I’d heard some buzz about this book on a couple of book-related blogs, and then my dad came home from a business trip gushing over it and told me he’d read the whole thing on a plane ride. I immediately got it at the library and finished it within a few hours–it’s that good.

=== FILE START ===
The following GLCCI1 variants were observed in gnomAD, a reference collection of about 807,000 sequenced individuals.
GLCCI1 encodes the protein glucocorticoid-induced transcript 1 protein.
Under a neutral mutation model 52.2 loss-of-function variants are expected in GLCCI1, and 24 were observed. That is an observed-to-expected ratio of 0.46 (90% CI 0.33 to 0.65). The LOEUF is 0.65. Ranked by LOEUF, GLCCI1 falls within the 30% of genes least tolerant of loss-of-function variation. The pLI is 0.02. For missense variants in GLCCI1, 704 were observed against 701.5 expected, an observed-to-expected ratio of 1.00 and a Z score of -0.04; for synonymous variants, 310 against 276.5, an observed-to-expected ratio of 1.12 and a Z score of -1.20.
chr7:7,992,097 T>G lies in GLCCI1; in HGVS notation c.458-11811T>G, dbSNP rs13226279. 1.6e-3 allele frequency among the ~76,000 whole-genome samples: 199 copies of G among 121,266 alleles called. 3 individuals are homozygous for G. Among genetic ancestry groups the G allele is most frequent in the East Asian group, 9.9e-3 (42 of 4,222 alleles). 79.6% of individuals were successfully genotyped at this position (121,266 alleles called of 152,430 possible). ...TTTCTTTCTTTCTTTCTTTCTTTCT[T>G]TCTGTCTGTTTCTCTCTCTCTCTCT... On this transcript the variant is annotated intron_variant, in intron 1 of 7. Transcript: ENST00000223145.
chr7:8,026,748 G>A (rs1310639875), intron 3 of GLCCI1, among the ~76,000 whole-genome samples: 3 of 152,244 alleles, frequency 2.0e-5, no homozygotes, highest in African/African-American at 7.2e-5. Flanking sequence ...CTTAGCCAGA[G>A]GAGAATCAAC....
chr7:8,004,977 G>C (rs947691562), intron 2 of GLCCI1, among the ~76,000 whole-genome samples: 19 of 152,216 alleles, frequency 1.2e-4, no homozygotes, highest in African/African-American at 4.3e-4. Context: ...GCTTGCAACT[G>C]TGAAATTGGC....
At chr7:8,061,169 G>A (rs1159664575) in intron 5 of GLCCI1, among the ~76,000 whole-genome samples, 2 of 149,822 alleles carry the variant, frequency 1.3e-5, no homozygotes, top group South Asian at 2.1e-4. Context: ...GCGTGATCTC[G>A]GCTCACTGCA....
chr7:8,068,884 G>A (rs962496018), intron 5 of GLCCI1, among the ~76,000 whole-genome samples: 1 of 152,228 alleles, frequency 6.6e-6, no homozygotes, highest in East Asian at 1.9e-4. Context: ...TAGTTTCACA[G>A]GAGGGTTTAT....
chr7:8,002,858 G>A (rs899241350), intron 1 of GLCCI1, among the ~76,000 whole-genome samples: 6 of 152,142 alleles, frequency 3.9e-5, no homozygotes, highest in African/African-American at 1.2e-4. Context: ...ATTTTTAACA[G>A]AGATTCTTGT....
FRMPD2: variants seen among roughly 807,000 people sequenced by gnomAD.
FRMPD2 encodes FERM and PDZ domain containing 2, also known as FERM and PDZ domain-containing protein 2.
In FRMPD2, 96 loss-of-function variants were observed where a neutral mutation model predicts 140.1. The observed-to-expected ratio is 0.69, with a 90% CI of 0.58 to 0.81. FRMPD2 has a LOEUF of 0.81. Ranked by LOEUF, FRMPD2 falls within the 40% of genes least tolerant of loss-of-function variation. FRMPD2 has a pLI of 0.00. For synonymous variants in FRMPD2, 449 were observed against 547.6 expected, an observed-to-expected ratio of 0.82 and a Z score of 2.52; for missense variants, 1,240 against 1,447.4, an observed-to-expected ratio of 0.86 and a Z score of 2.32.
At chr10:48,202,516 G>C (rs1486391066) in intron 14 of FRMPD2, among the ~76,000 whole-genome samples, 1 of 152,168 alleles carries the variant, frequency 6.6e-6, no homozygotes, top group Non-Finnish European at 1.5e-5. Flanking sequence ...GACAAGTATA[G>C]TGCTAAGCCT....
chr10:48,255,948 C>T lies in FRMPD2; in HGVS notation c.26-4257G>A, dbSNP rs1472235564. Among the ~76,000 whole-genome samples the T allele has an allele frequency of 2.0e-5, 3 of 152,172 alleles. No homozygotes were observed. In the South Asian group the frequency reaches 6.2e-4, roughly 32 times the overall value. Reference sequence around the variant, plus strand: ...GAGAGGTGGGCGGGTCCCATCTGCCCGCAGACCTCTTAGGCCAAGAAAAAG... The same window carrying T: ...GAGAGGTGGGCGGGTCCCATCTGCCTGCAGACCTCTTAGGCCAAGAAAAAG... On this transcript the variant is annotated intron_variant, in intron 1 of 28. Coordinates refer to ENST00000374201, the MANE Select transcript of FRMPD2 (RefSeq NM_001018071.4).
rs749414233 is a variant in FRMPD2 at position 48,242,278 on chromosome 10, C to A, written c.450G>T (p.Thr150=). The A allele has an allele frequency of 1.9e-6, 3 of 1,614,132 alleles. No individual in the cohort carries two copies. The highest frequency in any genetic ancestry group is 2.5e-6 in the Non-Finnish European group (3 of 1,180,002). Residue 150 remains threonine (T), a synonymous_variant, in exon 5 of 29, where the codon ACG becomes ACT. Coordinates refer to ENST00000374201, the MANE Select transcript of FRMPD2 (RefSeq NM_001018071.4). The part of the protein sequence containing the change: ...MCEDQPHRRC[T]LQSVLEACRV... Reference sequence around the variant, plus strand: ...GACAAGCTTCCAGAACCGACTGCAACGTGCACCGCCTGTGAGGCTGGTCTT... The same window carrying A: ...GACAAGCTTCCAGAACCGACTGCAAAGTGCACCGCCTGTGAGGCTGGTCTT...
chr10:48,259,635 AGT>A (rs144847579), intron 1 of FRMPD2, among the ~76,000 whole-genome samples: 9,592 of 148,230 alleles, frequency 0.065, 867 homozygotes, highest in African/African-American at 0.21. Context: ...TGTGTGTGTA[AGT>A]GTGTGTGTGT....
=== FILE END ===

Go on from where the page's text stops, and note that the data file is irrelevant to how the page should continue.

The narrator of The Dinner is Paul, a seemingly typical middle-class man out to dinner with his wealthy brother (a rising star in the Netherlands’ political scene), and their respective wives. Their sons are connected by a dark and violent secret, one that brings the two couples together for dinner: the goal of the evening is to discuss what happened and to decide what to do. Paul peels back the layers of deception and denial surrounding the situation over the course of the evening, . Cleverly, the action is broken up according to course/phase of the meal, starting with the aperitif, ending with the tip. Of course, flashbacks and inner monologue are used extensively to flesh out the real-time action.